Fantasy form watch: The Bryce is right

Bryce Gibbs (right) dominated in the Blues' second straight win. Picture: AFL Photos

4. The Swans are coming fast
Sydney will need to be like Winx in the back half of the season to string enough wins together to be a premiership contender but if any team can do that it is the Swans. Their midfield, led by Josh Kennedy, has its mojo back with Dan Hannebery and Luke Parker returning to their best. Most importantly its young core, Isaac Heeney, Callum Mills, Zak Jones, Jake Lloyd and Nic Newman are rapidly improving their work through the middle and it is making the Swans extremely dangerous as their whole game is based around winning the ball at the coalface. - Peter Ryan

Around the state leagues: Who starred in your club's twos?

5. 'JJ' most visible symptom of Dogs' malaise
If the loss to Melbourne is a reliable guide, the Western Bulldogs' premiership defence has hit the serious staggers. And Sunday's game again cast the spotlight on a key Bulldog whose 2017 struggles have symbolised the reigning premiers' wider battle. Jason Johannisen enjoyed an outstanding 2016 finals series and his ability to cut opposition defensive systems to shreds with his run from half-back earned him last year's Norm Smith Medal and, more importantly, gave the Dogs an explosive counter-attacking edge, something that was vital for such a low-scoring team. However, after making a strong start to 2017, Johannisen has been horribly out of form in recent weeks. Held to nine possessions by a niggly Sydney outfit last round, the defender was only marginally more influential against the Demons, finishing with 15 disposals, three rebound 50s and three inside 50s. But in a game where they were made to look slow and stagnant by the Demons, Johannisen's inability to spark the Dogs stood out like … well, you know what. If the Bulldogs are going to find the offensive spark to trouble this year's better sides, they'll need Johannisen to rise above the attention he's currently copping – and will continue to cop – and return to his best. - Nick Bowen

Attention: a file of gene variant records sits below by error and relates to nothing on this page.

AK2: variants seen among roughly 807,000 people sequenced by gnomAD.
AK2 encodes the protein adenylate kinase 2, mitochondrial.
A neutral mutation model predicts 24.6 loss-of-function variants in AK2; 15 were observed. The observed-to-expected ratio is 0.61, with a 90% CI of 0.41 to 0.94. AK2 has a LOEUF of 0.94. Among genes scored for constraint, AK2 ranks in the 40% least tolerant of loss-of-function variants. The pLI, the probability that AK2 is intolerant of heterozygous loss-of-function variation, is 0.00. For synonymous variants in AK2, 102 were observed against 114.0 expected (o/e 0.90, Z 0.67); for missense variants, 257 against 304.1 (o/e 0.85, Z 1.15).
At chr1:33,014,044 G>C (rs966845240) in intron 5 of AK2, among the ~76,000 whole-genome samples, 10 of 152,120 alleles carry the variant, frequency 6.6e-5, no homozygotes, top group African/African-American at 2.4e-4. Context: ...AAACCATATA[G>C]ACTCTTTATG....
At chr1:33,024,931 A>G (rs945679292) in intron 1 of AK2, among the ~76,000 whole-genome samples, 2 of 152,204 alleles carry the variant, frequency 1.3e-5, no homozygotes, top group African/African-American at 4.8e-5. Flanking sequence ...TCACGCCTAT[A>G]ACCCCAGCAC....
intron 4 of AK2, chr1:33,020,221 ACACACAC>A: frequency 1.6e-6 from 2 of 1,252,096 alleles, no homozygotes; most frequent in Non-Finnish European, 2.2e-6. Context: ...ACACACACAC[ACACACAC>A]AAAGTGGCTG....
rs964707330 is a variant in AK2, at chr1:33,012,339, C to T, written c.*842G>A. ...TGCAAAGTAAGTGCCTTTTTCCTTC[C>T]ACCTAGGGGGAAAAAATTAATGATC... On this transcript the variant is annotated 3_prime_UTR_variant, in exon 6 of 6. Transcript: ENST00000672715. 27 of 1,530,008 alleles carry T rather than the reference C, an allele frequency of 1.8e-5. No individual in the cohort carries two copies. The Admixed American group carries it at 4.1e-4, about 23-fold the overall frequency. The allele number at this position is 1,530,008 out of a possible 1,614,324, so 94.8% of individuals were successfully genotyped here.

Talking points: Bugg's pre-game Instagram barb hits home

6. Injured or not, Robbie Gray is the Power's most dangerous forward
Questions about the fitness of Port Adelaide star Robbie Gray have been a weekly ritual this season. But despite a well-publicised groin complaint, and a dodgy calf, Gray has continued to make an impact with his outstanding football nous. Only a wayward radar in front of goal stopped him from kicking a big bag in the Power's 40-point win against the Brisbane Lions at Adelaide Oval on Saturday. Gray finished with 21 possessions, six marks inside 50, six tackles and kicked 2.4 on a night when key forward Charlie Dixon was held to a solitary goal by impressive Lions defender Harris Andrews. Gray doesn't need to be the midfield star he has been on his way to winning the Power's club champion award for the past three years. The emergence of Sam Powell-Pepper along with Ollie Wines, Brad Ebert and Chad Wingard gives the Power a well-balanced midfield unit. Gray's bodywork on Darcy Gardiner to kick an important goal just before quarter-time was the stuff only clever footballers can do. - Lee Gaskin

WATCH: Gray shares the love in strong response

Robbie Gray (left) celebrates a goal with young gun Sam Powell-Pepper. Picture: AFL Photos